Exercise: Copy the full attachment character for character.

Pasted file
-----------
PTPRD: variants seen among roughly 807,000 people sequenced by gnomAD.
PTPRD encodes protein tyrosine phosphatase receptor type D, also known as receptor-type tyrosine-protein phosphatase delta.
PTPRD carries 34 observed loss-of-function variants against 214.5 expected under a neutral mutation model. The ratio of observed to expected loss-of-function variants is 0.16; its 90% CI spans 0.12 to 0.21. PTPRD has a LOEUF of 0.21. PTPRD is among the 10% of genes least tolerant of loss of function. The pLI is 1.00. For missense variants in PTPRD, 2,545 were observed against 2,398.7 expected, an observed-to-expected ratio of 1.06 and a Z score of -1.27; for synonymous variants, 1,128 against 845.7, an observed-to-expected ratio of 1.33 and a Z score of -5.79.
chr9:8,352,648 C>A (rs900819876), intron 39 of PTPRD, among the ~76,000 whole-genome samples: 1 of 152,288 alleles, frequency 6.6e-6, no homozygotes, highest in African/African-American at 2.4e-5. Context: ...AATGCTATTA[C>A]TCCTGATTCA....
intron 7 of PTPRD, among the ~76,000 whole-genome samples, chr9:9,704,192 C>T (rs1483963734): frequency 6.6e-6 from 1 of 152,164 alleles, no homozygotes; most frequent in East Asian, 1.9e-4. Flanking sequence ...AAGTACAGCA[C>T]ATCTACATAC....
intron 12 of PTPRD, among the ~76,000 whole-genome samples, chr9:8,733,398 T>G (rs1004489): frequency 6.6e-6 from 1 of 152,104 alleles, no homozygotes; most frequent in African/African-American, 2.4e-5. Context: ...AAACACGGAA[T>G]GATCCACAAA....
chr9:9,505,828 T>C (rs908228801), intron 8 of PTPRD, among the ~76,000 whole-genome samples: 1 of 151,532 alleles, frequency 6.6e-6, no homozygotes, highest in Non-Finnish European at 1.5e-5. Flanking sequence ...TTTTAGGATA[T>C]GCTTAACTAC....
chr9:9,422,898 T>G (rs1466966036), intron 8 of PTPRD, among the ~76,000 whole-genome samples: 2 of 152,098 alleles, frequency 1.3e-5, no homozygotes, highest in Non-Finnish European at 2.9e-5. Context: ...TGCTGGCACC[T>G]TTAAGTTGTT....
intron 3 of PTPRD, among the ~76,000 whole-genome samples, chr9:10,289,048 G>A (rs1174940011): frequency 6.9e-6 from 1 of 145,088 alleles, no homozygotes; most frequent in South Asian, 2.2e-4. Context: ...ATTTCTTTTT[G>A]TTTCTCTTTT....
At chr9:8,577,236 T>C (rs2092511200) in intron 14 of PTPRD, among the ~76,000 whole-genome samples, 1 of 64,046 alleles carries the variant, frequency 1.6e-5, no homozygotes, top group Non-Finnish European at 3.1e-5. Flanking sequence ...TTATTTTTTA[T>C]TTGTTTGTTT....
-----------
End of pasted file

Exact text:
PTPRD: variants seen among roughly 807,000 people sequenced by gnomAD.
PTPRD encodes protein tyrosine phosphatase receptor type D, also known as receptor-type tyrosine-protein phosphatase delta.
PTPRD carries 34 observed loss-of-function variants against 214.5 expected under a neutral mutation model. The ratio of observed to expected loss-of-function variants is 0.16; its 90% CI spans 0.12 to 0.21. PTPRD has a LOEUF of 0.21. PTPRD is among the 10% of genes least tolerant of loss of function. The pLI is 1.00. For missense variants in PTPRD, 2,545 were observed against 2,398.7 expected, an observed-to-expected ratio of 1.06 and a Z score of -1.27; for synonymous variants, 1,128 against 845.7, an observed-to-expected ratio of 1.33 and a Z score of -5.79.
chr9:8,352,648 C>A (rs900819876), intron 39 of PTPRD, among the ~76,000 whole-genome samples: 1 of 152,288 alleles, frequency 6.6e-6, no homozygotes, highest in African/African-American at 2.4e-5. Context: ...AATGCTATTA[C>A]TCCTGATTCA....
intron 7 of PTPRD, among the ~76,000 whole-genome samples, chr9:9,704,192 C>T (rs1483963734): frequency 6.6e-6 from 1 of 152,164 alleles, no homozygotes; most frequent in East Asian, 1.9e-4. Flanking sequence ...AAGTACAGCA[C>T]ATCTACATAC....
intron 12 of PTPRD, among the ~76,000 whole-genome samples, chr9:8,733,398 T>G (rs1004489): frequency 6.6e-6 from 1 of 152,104 alleles, no homozygotes; most frequent in African/African-American, 2.4e-5. Context: ...AAACACGGAA[T>G]GATCCACAAA....
chr9:9,505,828 T>C (rs908228801), intron 8 of PTPRD, among the ~76,000 whole-genome samples: 1 of 151,532 alleles, frequency 6.6e-6, no homozygotes, highest in Non-Finnish European at 1.5e-5. Flanking sequence ...TTTTAGGATA[T>C]GCTTAACTAC....
chr9:9,422,898 T>G (rs1466966036), intron 8 of PTPRD, among the ~76,000 whole-genome samples: 2 of 152,098 alleles, frequency 1.3e-5, no homozygotes, highest in Non-Finnish European at 2.9e-5. Context: ...TGCTGGCACC[T>G]TTAAGTTGTT....
intron 3 of PTPRD, among the ~76,000 whole-genome samples, chr9:10,289,048 G>A (rs1174940011): frequency 6.9e-6 from 1 of 145,088 alleles, no homozygotes; most frequent in South Asian, 2.2e-4. Context: ...ATTTCTTTTT[G>A]TTTCTCTTTT....
At chr9:8,577,236 T>C (rs2092511200) in intron 14 of PTPRD, among the ~76,000 whole-genome samples, 1 of 64,046 alleles carries the variant, frequency 1.6e-5, no homozygotes, top group Non-Finnish European at 3.1e-5. Flanking sequence ...TTATTTTTTA[T>C]TTGTTTGTTT....